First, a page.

Post-election Obama administration winners and losers emerge
Tuesday, March 1, 2011; 12:24 PM
When President Obama last week abandoned his support of a law that defines marriage as between a man and a woman and tapped an openly gay man as White House social secretary, he gave gay rights activists their third straight key victory on a major issue since last November's elections.
But gay rights groups aren't the only ones who have as emerged as winners in the post-shellacking stage of the Obama presidency. Here's a look at some groups getting more support from Obama post-midterms, and others who are not.
Business: From meetings with chief executives to extensive praise of their companies, Obama has become a loud, constant champion for American business since November. The moves have an obvious political tenor, not only quieting a group of critics but perhaps opening the wallets of some in the corporate world for Obama's reelection campaign.
Gays: Gay rights activists are generally liberal-leaning, so it's not clear Obama gets any real political benefit from his moves on their issues. In some ways, their gains were simply a matter of timing. The repeal of the "don't ask, don't tell" ban on gays serving openly in the military was easier to push through Congress after the elections than when health-care and other issues were on the docket. But this, too, could help persuade a key constituency to donate.
The Departed: Obama is not known as being sentimental, but he left the White House to appear at a goodbye party for longtime aide David Axelrod and then lavished praise on outgoing press secretary Robert Gibbs at his last press briefing.
The Elderly: The president has all but taken off the table raising the retirement age or reducing Social Security benefits as a deficit reduction idea, no doubt a position that will help with a constituency that Democrats badly lost in 2010.
Science and Technology Geeks: Obama can't stop talking about whatever innovation he has seen lately or children he has met who are competing in science fairs. Part of his "winning the future" mantra seems to be to encourage every kid in America to become a science or engineering major.
The Left: Obama scolded liberals at a press conference in December and hasn't done much to woo them since. He refused to include gun control measures in the State of the Union address, has openly courted business groups such as the U.S. Chamber of Commerce that many on the left dislike and has largely sidelined action on issues such as climate change that liberals want to see pushed.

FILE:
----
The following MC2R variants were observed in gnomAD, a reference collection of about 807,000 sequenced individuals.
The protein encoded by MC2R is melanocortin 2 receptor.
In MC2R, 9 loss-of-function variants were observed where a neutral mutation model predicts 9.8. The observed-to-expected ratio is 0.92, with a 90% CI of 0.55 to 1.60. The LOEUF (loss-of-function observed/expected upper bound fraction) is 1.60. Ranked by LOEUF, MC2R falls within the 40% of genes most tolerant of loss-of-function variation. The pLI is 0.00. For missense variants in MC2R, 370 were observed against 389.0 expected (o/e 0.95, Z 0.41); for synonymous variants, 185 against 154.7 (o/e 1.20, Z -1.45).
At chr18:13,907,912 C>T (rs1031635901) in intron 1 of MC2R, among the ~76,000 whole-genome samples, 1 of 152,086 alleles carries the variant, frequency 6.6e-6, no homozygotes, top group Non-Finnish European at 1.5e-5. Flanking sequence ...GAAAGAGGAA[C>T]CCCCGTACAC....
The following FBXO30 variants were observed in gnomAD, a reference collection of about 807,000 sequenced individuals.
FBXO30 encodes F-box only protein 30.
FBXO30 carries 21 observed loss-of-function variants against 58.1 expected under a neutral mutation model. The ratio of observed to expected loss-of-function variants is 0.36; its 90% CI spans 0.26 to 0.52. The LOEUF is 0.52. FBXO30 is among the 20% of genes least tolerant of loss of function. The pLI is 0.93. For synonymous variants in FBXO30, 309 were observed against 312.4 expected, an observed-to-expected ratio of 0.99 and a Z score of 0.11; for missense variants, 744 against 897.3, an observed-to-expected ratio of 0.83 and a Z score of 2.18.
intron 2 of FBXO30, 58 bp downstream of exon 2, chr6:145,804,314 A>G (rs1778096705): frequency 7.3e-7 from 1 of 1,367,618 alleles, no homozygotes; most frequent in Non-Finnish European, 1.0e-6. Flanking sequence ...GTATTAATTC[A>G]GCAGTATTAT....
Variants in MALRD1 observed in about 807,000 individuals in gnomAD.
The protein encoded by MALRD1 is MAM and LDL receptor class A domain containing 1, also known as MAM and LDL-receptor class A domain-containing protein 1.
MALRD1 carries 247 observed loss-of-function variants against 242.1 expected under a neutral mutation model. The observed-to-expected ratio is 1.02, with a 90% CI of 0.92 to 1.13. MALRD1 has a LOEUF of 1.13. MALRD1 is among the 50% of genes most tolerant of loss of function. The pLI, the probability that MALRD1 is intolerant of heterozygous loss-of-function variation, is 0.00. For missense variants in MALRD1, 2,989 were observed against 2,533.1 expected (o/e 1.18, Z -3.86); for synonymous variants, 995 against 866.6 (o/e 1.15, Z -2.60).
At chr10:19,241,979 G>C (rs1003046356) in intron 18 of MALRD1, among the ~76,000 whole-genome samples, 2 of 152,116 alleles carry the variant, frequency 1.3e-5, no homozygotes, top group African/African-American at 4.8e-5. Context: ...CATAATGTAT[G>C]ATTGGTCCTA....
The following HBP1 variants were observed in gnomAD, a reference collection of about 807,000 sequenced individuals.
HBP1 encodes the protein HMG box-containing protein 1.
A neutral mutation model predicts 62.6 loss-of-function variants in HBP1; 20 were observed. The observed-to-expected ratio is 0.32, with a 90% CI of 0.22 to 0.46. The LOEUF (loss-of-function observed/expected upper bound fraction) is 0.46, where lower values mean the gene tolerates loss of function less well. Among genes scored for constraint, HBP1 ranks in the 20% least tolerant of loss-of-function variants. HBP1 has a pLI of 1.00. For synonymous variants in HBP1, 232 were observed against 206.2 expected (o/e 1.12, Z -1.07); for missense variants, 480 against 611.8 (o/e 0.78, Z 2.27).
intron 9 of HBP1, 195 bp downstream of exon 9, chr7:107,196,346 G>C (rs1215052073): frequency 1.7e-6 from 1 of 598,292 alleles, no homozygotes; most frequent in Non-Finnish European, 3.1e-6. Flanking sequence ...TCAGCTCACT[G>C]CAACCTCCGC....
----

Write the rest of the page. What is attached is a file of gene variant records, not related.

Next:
The Media: Long a media scold, the president seems to have taken all of the frustration he can no longer express in public about the GOP (see below) and turned it toward the press. He complained throughout the 18 days of unrest in Egypt that the media had unfair expectations of what he should say and how much he could push forward the process.
Mitt Romney: Obama on Monday again invoked the health-care plan Romney signed in Massachusetts to cast the health-care overhaul law in a bipartisan glow. Don't expect Romney to send him a thank-you card for a move that damages Romney's chances of winning the 2012 GOP primaries.
This seems an intentional effort; Gibbs, Axelrod and Massachusetts Gov. Deval Patrick (D), a close Obama ally, have also linked the Massachusetts plan to the federal health-care law in the past several weeks.
In the Middle
The Republicans: Obama has largely stopped attacking the GOP since Election Day, in an attempt to woo voters in the middle who tired of the partisanship of the past two years. On the other hand, he has cast Republicans as eager to cut everything, even spending on programs such as education that are popular with the public.
The Unemployed: Obama pushed for billions of dollars in unemployment benefits in the December tax deal with the GOP. But he has not reached out to the unemployed on his jobs tour to hear their views on the economy.
Labor: On the one hand, Obama has defended public workers in the face of the moves by Wisconsin's Scott Walker and other Republican governors to reduce their collective bargaining rights. On the other hand, he did freeze the pay of most federal workers.
Minorities: The White House brought nearly every prominent black official in Washington to one of its various Black History Month events. It has consistently said it is interested in immigration reform, a big priority of Latino activists.
But Rep. Emanuel Cleaver (D-Mo.), chairman of the Congressional Black Caucus, personally complained to Obama about proposed budget cuts by the White House he felt would harm black communities. And immigration reform hardly seems a major priority of the administration.